Every Tuesday, Italian expat Emiko Davies is taking us on a grand tour of Italy, showing us how to make classic, fiercely regional dishes at home.
Today: Three ingredients and an age-old Sardinian recipe for a sugarless, simple nougat.
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Anyone who has tried making nougat -- torrone, in Italian -- at home with the sugar syrup method will know how nerve-wracking it can be: Waiting for that decisive moment, that exact degree that will render the torrone a failure or a success, soft or hard, set or a flop. Surely the thermometer makes things more precise -- and when dealing with the chemistry of syrups, candy and meringue, precision is a must for securing success. You'd think.
But when researching traditional recipes for torrone in Italian, such as Ada Boni's 1921 cookbook, The Talisman, there are no indications of temperature, thermometers, or the dangers of proceeding without one -- just old fashioned instructions for stirring for hours and perhaps testing for doneness with a drop of the molten candy in a glass of water. Torrone dates back to at least Ancient Rome -- surely liquid glucose, candy thermometers and cocoa butter are unnecessary modern additions.
Torrone has a long tradition in various regions all over Italy, each done a little differently. The festive treat is a favorite, taken to friends' homes and shared with an espresso as a sweet snack or with dessert wine at the end of a meal. The one from Cremona, also known as torrone classico, is brittle and hard, broken off in chunks to eat. Abruzzo's Aquila produces a chocolate torrone. And Benevento's torrone is probably the oldest in Italy. But Sardinian torrone, a soft nougat with an ivory hue, is unique because, in its most elemental form, it's made with just three ingredients: egg whites, almonds, and honey.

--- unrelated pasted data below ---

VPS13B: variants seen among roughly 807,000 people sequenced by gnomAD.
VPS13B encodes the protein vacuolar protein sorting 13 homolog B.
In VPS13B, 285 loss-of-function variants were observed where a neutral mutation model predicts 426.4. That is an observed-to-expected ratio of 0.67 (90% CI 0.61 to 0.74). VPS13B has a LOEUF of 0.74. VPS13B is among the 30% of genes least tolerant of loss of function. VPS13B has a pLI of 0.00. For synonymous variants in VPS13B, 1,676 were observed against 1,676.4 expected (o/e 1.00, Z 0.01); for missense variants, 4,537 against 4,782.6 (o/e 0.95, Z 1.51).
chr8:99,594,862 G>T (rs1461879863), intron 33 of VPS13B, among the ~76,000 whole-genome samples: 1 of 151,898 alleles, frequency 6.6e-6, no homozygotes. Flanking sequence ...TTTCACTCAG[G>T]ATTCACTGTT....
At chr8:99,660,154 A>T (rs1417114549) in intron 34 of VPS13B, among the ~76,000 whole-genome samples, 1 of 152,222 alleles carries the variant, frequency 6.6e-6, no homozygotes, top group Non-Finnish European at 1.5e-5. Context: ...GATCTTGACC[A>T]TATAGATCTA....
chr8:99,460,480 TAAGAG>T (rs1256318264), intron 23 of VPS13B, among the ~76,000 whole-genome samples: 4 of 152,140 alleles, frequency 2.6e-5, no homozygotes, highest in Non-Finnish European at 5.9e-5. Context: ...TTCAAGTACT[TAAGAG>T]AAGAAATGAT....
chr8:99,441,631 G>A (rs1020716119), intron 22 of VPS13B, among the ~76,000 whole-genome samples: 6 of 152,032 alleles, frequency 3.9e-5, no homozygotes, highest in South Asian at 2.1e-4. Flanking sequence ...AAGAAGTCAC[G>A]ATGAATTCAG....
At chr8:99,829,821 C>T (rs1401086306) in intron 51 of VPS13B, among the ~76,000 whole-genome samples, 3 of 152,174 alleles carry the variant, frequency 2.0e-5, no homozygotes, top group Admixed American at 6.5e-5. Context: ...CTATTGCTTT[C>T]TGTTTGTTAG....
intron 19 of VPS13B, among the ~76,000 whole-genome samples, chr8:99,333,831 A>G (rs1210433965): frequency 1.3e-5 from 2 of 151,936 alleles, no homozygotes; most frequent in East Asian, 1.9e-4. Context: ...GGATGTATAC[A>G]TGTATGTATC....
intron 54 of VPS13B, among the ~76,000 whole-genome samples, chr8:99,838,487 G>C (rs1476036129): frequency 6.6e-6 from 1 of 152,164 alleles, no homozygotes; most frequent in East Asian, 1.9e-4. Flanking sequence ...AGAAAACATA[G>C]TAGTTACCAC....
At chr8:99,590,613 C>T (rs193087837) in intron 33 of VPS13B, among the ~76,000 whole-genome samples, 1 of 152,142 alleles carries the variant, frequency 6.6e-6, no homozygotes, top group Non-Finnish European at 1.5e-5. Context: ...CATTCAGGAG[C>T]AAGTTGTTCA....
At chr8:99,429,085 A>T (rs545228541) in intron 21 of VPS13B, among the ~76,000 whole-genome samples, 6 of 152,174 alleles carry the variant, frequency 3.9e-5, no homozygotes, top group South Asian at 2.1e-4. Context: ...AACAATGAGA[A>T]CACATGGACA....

No liquid glucose, corn syrup, powders, butter, or cocoa butter. No watching of thermometers, no scalding syrup or defining moments. Just a gentle heat and slow, continuous stirring. It's a simple, even relaxing recipe. Put on some good music, or better yet, have some good company in the kitchen with you so you can share the stirring and you're halfway there.
The most traditional recipe uses just almonds and Sardinian honey, which is gathered from the Mediterranean scrub that surrounds the island. There are a few simple variations that you can make: A small portion of pistachio, pine nuts or hazelnuts, perhaps, as long as you keep the proportions. It's traditional to use peeled almonds, but I like the contrast of the skins on -- either way, an even toasting of the nuts is a must. If you want to add some further aromatics to the batch, try some vanilla or freshly grated citrus peel.
Typically, the torrone is set between special wafers known as ostia in Italian; use them if you can find them, as they hold the torrone together beautifully and are a nice way to gift it. They also help avoid getting sticky fingers. If you can't get these easily, line your pan with parchment.